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Hal Williams Hardinge

(1855-1943)


1983 Charter Member, Mining's Past


Hal Hardinge graduated from high school in Philadelphia, Pennsylvania. After working for a few years to earn money, he enrolled at the Colorado School of Mines. During his college years, he continued working as a prospector. Upon graduation, he founded a consulting practice which took him to most mining areas in the western United States and Canada. This vast amount of exposure to mining and milling operations enabled Hardinge to develop new devices to improve the industry. The results of his efforts are manifested in over 60 patents covering a variety of devices, ranging from a washer, to his best known invention, the cylindrical/conical grinding mill that bears his name. Although it took nine years to overcome the skepticism and opposition to the Hardinge mill, the evidence of its superiority silenced opposition.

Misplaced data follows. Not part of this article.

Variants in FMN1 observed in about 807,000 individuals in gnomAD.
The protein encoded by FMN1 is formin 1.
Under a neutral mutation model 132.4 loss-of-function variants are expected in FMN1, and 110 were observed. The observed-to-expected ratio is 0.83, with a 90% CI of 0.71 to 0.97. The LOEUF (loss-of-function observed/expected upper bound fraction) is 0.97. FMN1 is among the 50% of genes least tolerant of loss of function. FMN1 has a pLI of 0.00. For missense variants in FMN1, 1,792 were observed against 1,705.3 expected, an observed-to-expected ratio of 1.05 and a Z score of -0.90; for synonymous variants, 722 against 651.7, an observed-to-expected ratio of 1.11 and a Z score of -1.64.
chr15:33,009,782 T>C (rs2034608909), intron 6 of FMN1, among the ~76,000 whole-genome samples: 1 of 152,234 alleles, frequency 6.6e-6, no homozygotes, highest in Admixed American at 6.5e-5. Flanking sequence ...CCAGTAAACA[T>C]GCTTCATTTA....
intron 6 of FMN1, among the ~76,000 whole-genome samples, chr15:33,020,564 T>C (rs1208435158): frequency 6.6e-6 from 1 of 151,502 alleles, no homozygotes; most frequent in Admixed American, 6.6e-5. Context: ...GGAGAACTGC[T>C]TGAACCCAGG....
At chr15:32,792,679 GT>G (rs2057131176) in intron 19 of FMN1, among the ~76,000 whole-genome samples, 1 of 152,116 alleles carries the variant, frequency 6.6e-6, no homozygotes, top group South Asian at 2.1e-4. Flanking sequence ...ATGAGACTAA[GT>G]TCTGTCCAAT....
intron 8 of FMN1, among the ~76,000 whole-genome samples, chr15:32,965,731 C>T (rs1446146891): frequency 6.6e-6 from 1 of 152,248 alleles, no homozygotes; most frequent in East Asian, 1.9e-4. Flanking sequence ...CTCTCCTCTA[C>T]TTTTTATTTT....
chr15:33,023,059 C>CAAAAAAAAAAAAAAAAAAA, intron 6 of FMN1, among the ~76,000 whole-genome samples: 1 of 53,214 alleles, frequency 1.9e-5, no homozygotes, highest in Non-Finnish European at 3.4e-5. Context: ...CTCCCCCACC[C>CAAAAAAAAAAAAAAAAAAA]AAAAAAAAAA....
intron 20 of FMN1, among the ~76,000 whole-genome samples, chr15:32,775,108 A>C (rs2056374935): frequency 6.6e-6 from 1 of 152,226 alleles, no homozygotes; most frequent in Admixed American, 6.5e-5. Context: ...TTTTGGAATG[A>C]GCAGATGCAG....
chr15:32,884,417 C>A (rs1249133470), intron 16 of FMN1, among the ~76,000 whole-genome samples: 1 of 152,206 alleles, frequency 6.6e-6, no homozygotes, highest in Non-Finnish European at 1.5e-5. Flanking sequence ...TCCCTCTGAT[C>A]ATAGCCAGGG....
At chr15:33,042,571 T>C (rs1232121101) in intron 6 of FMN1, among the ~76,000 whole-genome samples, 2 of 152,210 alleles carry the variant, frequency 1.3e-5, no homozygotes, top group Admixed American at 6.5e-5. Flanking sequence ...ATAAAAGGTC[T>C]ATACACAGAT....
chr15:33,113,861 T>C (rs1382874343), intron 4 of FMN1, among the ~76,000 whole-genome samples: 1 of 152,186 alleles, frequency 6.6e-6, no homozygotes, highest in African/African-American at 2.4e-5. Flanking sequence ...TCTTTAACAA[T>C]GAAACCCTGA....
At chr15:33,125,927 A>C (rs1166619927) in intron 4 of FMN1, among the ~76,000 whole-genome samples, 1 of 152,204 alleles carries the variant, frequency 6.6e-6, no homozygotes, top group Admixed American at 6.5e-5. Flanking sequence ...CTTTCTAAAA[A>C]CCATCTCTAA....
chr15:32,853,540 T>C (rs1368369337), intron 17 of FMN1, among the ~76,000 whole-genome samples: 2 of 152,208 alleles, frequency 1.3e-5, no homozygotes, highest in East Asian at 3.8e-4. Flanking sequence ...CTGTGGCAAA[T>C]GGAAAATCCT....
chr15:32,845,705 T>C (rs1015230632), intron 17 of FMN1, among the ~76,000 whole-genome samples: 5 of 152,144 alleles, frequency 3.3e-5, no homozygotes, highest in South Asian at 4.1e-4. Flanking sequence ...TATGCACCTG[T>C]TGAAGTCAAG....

During World War I, Hardinge worked without remuneration for the U.S. Bureau of Mines. 

He founded the Hardinge Company to manufacture his grinding mill, as well as other inventions and was active in the operation and management of that company until he was 84, four years before his death.


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